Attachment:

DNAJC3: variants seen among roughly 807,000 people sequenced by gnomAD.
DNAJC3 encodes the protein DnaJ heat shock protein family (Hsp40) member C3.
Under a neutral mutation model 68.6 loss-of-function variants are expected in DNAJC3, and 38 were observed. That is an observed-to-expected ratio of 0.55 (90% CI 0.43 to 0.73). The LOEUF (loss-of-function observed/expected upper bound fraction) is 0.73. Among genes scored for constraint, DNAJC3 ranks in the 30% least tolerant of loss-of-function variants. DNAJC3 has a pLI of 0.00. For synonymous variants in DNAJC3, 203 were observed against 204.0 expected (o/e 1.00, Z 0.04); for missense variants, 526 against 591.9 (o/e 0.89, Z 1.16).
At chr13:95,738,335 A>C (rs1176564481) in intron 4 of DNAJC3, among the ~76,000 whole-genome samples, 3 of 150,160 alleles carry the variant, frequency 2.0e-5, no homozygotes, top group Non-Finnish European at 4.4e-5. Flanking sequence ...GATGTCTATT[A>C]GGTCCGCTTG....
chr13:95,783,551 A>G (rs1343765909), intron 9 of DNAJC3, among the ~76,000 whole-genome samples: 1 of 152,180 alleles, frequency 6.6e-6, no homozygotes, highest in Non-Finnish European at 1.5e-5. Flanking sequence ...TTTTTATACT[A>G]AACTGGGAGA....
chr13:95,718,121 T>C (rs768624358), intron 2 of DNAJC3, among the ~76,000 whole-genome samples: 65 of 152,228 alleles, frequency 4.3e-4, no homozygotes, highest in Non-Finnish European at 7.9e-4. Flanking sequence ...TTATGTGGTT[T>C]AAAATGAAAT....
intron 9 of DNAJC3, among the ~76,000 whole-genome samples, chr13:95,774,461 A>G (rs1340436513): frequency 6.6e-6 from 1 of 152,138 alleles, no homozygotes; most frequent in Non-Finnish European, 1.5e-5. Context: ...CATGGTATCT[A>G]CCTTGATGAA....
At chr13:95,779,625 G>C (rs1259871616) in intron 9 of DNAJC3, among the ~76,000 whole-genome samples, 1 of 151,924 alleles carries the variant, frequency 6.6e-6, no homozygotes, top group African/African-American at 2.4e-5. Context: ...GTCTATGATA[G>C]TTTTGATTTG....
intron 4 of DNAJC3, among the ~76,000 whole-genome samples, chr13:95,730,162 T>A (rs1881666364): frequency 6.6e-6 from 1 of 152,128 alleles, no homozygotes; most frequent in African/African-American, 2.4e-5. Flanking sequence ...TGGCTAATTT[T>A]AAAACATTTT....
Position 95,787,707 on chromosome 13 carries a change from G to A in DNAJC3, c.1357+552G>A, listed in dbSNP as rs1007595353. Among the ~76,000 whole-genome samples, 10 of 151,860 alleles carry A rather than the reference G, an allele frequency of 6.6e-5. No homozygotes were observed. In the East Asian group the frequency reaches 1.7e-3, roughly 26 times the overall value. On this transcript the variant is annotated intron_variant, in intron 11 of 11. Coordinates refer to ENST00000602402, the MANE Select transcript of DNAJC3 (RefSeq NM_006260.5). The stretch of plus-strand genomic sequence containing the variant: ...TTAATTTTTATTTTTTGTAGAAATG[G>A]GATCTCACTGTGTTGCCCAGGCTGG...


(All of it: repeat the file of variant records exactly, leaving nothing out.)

DNAJC3: variants seen among roughly 807,000 people sequenced by gnomAD.
DNAJC3 encodes the protein DnaJ heat shock protein family (Hsp40) member C3.
Under a neutral mutation model 68.6 loss-of-function variants are expected in DNAJC3, and 38 were observed. That is an observed-to-expected ratio of 0.55 (90% CI 0.43 to 0.73). The LOEUF (loss-of-function observed/expected upper bound fraction) is 0.73. Among genes scored for constraint, DNAJC3 ranks in the 30% least tolerant of loss-of-function variants. DNAJC3 has a pLI of 0.00. For synonymous variants in DNAJC3, 203 were observed against 204.0 expected (o/e 1.00, Z 0.04); for missense variants, 526 against 591.9 (o/e 0.89, Z 1.16).
At chr13:95,738,335 A>C (rs1176564481) in intron 4 of DNAJC3, among the ~76,000 whole-genome samples, 3 of 150,160 alleles carry the variant, frequency 2.0e-5, no homozygotes, top group Non-Finnish European at 4.4e-5. Flanking sequence ...GATGTCTATT[A>C]GGTCCGCTTG....
chr13:95,783,551 A>G (rs1343765909), intron 9 of DNAJC3, among the ~76,000 whole-genome samples: 1 of 152,180 alleles, frequency 6.6e-6, no homozygotes, highest in Non-Finnish European at 1.5e-5. Flanking sequence ...TTTTTATACT[A>G]AACTGGGAGA....
chr13:95,718,121 T>C (rs768624358), intron 2 of DNAJC3, among the ~76,000 whole-genome samples: 65 of 152,228 alleles, frequency 4.3e-4, no homozygotes, highest in Non-Finnish European at 7.9e-4. Flanking sequence ...TTATGTGGTT[T>C]AAAATGAAAT....
intron 9 of DNAJC3, among the ~76,000 whole-genome samples, chr13:95,774,461 A>G (rs1340436513): frequency 6.6e-6 from 1 of 152,138 alleles, no homozygotes; most frequent in Non-Finnish European, 1.5e-5. Context: ...CATGGTATCT[A>G]CCTTGATGAA....
At chr13:95,779,625 G>C (rs1259871616) in intron 9 of DNAJC3, among the ~76,000 whole-genome samples, 1 of 151,924 alleles carries the variant, frequency 6.6e-6, no homozygotes, top group African/African-American at 2.4e-5. Context: ...GTCTATGATA[G>C]TTTTGATTTG....
intron 4 of DNAJC3, among the ~76,000 whole-genome samples, chr13:95,730,162 T>A (rs1881666364): frequency 6.6e-6 from 1 of 152,128 alleles, no homozygotes; most frequent in African/African-American, 2.4e-5. Flanking sequence ...TGGCTAATTT[T>A]AAAACATTTT....
Position 95,787,707 on chromosome 13 carries a change from G to A in DNAJC3, c.1357+552G>A, listed in dbSNP as rs1007595353. Among the ~76,000 whole-genome samples, 10 of 151,860 alleles carry A rather than the reference G, an allele frequency of 6.6e-5. No homozygotes were observed. In the East Asian group the frequency reaches 1.7e-3, roughly 26 times the overall value. On this transcript the variant is annotated intron_variant, in intron 11 of 11. Coordinates refer to ENST00000602402, the MANE Select transcript of DNAJC3 (RefSeq NM_006260.5). The stretch of plus-strand genomic sequence containing the variant: ...TTAATTTTTATTTTTTGTAGAAATG[G>A]GATCTCACTGTGTTGCCCAGGCTGG...